For a while now, I've been looking for a way to better organise my life. Between meetings at work, socialising with friends and writing articles, my life can become pretty difficult to keep track of. Although push synchronisation between my iPhone and iCal has certainly proved to be a necessity for those essential appointments, every day chores are usually forgotten. Whether it's remembering to pick up some milk or to even just put out the trash, I often need the occasional reminder for even the smallest task. I was beginning to come round to the idea that nothing could possibly save me.
Then along came Things.
Arranging your life
Although Things appears to be fairly simple GTD (Getting Things Done) application on the surface, it's structure and organisation is actually quite comprehensive. Divided into 3 key areas (Tasks, Projects and Areas of Responsibility), Things allows users so distinguish between tasks that are due imminently, on hold and completed.
At the foundation of the application are tasks. When creating a new task within Things, you are encouraged to add an array of details such as related tags, notes and a due date. Once you're done your new task will be moved to your Inbox, which is where all of the new tasks you create will appear. Of course, your tasks aren't going to want to stay piled up your Inbox forever, and thanks to the cleverly executed drag and drop functionality, moving your tasks is both easy and speedy.
Sorting your created tasks couldn't be easier, as Things provides you with the necessary arrangement to delegate: Projects and Areas of Responsibility.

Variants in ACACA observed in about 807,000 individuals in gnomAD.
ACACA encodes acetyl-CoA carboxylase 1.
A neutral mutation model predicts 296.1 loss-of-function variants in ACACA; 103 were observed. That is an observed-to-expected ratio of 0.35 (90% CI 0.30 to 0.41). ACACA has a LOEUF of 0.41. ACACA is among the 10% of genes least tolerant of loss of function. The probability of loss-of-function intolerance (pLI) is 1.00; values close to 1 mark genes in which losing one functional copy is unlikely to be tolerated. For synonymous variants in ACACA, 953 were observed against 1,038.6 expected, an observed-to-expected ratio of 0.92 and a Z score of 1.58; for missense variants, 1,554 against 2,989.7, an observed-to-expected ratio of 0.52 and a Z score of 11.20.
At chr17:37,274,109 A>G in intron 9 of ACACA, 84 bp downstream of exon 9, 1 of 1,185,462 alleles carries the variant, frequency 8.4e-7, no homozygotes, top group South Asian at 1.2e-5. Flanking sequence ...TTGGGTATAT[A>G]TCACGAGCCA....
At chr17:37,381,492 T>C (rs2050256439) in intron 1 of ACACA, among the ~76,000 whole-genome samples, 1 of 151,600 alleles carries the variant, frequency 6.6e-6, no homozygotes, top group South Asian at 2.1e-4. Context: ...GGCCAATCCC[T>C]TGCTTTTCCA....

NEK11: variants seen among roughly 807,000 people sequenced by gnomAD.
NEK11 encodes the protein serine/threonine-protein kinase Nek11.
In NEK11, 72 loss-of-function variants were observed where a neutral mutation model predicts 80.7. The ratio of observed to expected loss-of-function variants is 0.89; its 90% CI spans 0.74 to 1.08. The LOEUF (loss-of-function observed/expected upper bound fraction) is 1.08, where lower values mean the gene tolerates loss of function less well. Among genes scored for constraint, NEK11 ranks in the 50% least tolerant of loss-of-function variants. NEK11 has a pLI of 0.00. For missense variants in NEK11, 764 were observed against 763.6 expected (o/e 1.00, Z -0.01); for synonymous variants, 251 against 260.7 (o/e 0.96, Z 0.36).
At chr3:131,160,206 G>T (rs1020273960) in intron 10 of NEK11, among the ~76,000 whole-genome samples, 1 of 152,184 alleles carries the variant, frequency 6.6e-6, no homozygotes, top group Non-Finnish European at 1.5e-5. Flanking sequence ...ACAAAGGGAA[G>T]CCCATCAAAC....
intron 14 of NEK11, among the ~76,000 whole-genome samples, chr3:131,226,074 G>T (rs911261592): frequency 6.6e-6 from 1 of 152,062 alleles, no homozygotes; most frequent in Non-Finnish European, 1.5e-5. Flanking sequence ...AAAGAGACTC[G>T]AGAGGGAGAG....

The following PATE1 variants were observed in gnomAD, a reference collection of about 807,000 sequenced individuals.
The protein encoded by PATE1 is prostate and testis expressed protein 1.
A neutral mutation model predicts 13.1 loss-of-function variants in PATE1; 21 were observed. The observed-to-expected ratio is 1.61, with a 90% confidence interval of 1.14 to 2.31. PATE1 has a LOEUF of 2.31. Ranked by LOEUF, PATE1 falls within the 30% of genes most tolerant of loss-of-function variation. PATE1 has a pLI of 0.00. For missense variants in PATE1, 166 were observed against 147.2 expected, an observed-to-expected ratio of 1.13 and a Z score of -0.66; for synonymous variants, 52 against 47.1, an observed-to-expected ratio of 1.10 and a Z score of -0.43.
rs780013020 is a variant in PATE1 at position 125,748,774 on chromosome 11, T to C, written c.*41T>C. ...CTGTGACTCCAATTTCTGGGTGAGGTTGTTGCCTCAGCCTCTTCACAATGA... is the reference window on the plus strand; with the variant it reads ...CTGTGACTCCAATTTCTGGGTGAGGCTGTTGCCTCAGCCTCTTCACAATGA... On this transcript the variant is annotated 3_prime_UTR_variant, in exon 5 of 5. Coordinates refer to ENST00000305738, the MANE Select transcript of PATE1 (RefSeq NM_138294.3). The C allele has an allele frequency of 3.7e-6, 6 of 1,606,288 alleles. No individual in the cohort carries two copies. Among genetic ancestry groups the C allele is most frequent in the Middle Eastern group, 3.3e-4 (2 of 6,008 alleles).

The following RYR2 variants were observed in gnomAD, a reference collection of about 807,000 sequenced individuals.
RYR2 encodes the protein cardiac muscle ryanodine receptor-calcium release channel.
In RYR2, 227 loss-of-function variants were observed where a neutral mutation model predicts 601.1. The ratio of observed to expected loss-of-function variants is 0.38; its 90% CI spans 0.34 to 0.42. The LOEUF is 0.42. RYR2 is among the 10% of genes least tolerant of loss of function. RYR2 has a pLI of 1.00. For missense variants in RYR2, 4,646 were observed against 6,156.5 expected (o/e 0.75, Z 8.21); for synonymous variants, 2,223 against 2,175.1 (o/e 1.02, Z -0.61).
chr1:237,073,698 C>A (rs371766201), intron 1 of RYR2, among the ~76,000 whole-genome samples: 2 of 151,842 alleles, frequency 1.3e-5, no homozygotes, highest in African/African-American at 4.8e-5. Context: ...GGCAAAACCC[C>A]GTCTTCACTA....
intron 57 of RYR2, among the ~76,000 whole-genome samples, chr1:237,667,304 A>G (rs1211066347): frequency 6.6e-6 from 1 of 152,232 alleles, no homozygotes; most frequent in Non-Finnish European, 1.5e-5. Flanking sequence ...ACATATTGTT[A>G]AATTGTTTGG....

Projects can be created to help organise work, whether it be a school essay or working on a website design. With a definite end in sight, once all the tasks within the project have been done the project is deemed complete.
Areas of Responsibility are the ongoing equivalent of Projects. Although tasks within an Area can be completed, the Area itself cannot. A good example of an Area could be housework or car maintenance.
One of my favourite features of Things is the elegant Quick Entry panel. With the simple push of a hotkey, I'm able to swiftly enter a new task without even opening the main window. All the functionality still remains, and it's pleasantly presented in a smart HUD style window.
Best of all, I don't even have to stop what I'm doing.
Impressively, Things can sync with both iCal and your iPhone. Any tasks in the Today category will automatically sync with your iCal To Do list. Useful for the avid iCal users amongst us, however those events won't appear on your MobileMe service.
Officially launched in January at the MacWorld exposition, Things had been in beta for a little over a year – and it shows. The UI is incredibly polished, so much so in fact it could quite easily be mistaken for an Apple program. Everything from the icons, colours, gradients and graphics all reek of a distinct sleekness that fits flawlessly within Leopard.
The included screenshots have probably left you a little baffled, and I admit I too was a little overwhelmed when I opened Things for the first time. However within 10 minutes or so I was in full flow, organising my life right before my very own eyes. This was down to the neat and subtle implementation of helpful tips and notes throughout the UI. If I wasn't sure what a certain segment could be used for, then Things was there to assist me along the way.
Whilst the iPhone version isn't as fully featured as the OS X client, it too delivers in more ways than one. Sporting a graphical persona almost identical to the Mac client, all the categories (minus Areas of Responsibility) are present providing almost full functionality. The seamless ability to sync your events between your Mac and iPhone is practical, but is only currently available via wireless network. One can only hope cellular network sync is in the pipeline.
Although there were already a large variety of task management applications available for OS X, Things really stands out from the crowd. From the slick interface to the accompanying iPhone application, Cultured Code has created the definitive Mac GTD application that manages your daily routine, rather than interfering with it. Although a little pricey (a single license is $49.95), the simple yet profound structure is manageable even for the most basic of user.